The quantity of active ingredient contained on the coated substrate is not critical to the invention and can vary. In most cases, however, best results will be obtained with a weight percent range of about 0.01% to about 10.0% of the active ingredient relative to the substrate plus the coating of formulated active ingredient. A preferred range is from about 0.5% to about 3.0%. In the type of formulation above with a polyethylene sheet as the substrate, the nithiazine preferably constitutes from about 0.90% to about 1.1% by weight of the coated substrate, or from about 0.26 mg/cm2 (of substrate surface) to about 0.32 mg/cm2. Once the appropriate amount of slurry is applied, the solvent is removed by drying the coating in a conventional manner. For the formulation shown, a drying oven operating at a temperature of 120° C. provides satisfactory results.
The preferred attractant composition is a mixture of ingredients, at least two of which are a trialkylamine salt and a C2 -C18 carboxylic acid or its alkali salt. Preferred trialkylamines are those in which the alkyl groups are ethyl or methyl, with trimethylamine particularly preferred. The salt is preferably a hydrohalide or a hydrosulfate salt, with hydrohalides particularly preferred. Trimethylamine hydrochloride is the most preferred. Suitable carboxylic acids include linear, branched, saturated and unsaturated carboxylic acids. Preferred carboxylic acids are propionic, butyric and isobutyric. Preferred alkali metals to form the salts of these acids are lithium, sodium and potassium. Sodium n-butyrate is a particularly preferred species.
Further preferred attractant compositions are those that contain a sex pheromone in addition to the trialkylamine salt and the carboxylic acid. Examples of sex pheromones are:
(Z)-9-Tricosene, commonly known as Muscalure, is preferred, particularly for house flies.
The relative amounts of the attractants, whether only two or all three are included, can vary while still achieving the attractant effect. In preferred embodiments of the invention, however, each of the three components comprises at least about 10% by weight of the attractant composition, more preferably from about 10% to about 50% by weight, and most preferably from about 10% to about 35% by weight. When the attractant composition consists of (Z)-9-tricosene, n-butyric acid and trimethylamine, the preferred weight percent ranges are 18%-58% for the (Z)-9-tricosene, 29%-70% for the n-butyric acid, and 12.5%-53% for the trimethylamine. One presently preferred composition contains approximately 20% (Z)-9-tricosene, 33% n-butyric acid, and 14% trimethylamine (all by weight).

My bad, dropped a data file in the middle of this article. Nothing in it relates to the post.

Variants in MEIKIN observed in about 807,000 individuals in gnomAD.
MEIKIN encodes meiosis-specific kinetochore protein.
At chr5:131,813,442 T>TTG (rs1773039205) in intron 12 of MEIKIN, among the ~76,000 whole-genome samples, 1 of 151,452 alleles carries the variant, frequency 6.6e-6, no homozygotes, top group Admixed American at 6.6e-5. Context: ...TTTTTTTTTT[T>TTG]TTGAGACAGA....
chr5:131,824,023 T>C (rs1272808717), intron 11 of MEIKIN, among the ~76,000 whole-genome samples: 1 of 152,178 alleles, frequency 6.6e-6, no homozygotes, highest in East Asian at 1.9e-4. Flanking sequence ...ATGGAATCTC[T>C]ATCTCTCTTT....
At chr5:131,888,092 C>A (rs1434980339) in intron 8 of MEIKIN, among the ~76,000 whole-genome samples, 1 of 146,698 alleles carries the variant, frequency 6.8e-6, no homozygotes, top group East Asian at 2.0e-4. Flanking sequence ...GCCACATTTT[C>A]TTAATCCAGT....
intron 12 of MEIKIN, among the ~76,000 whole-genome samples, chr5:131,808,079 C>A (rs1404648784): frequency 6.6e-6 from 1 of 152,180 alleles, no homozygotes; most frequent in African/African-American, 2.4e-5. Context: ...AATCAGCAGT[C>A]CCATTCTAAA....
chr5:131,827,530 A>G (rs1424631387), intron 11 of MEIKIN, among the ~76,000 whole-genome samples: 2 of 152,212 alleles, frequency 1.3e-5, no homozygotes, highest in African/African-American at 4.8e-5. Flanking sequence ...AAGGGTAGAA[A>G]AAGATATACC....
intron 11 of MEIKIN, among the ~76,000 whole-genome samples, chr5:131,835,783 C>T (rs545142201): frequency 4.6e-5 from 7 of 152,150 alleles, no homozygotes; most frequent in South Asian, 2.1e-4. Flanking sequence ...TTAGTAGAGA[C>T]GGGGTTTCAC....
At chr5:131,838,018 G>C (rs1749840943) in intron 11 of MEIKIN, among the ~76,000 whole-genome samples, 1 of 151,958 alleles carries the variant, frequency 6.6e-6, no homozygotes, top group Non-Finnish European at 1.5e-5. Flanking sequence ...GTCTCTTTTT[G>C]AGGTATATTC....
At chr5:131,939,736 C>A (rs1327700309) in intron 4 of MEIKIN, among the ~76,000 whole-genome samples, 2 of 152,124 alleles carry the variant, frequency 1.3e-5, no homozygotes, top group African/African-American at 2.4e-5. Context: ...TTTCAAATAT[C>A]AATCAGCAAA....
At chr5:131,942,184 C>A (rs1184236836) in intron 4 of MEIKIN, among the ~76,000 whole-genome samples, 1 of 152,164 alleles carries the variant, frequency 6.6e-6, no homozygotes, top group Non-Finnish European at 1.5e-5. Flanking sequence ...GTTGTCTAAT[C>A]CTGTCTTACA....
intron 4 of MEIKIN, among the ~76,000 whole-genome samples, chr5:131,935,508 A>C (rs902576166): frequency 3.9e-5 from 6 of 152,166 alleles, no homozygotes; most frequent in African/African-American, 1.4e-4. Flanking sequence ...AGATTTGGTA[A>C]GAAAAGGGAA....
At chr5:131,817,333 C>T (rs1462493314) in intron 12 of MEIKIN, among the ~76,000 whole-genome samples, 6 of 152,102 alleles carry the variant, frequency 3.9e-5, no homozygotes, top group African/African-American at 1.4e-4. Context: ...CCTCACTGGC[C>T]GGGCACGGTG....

The breakable shell containing the attractant composition can be of any material or construction. One example is a vial of soda-lime glass, sealed after being filled with the attractant composition, and enclosed in a protective sleeve. The sleeve protects the vial against premature breakage and, once the vial is broken, serves as a wicking device to enhance the volatilization of the attractant components. An example of such a sleeve is one constructed of a fibrous polymer covered with paper; another example is an absorbent polymer or paper sleeve enclosed by a knitted sock mesh.
A plan view of an example of a device in accordance with this invention appears in FIG. 1, which shows the components of the device, including the insecticide-coated sheet 11, two capsules of attractant composition 12, 13, and the housing 14. The sheet 11 is a thin, rectangular sheet of nonporous plastic, coated on both sides with the solid nithiazine formulation, and the capsules 12, 13 are sealed cylindrical glass ampoules each containing the entire combination of components included in the attractant composition. The housing 14 has a rectangular area 15 that is raised on one side to form a shallow internal rectangular compartment of dimensions slightly larger than those of the insecticide-coated sheet 11. The housing also has two smaller elongated areas 16, 17, one at each end (i.e., the opposing shorter edges) of the rectangular compartment, the two smaller areas also raised to one side of the housing but forming rounded compartments roughly conforming to the contours of, but slightly larger than, the ampoules 12, 13. The raised areas are sufficiently flexible that they can be manually compressed to break the ampoules inside and release the attractant vapors.
FIG. 2 is a cross section of one of the ampoules 13 and the compartment 18 in which it is retained. Breakage of the ampoule to release the attractant vapors is achieved by finger pressure on the raised portion 17 of the housing in the direction of the arrow 19.
Returning to FIG. 1, the insecticide sheet compartment is perforated by an array of openings 21 that expose the underlying sheet to insects approaching the housing from outside, and identical openings in the same array are located on the opposite face of the housing (not visible in the view shown in FIG. 1). Along one straight edge of each of the two ampoule compartments are rows of smaller openings 22 communicating with the compartment interiors, and thereby providing vent holes for the attractant vapors when the ampoules are crushed. Again, openings identical to these are located on the opposite face of the housing.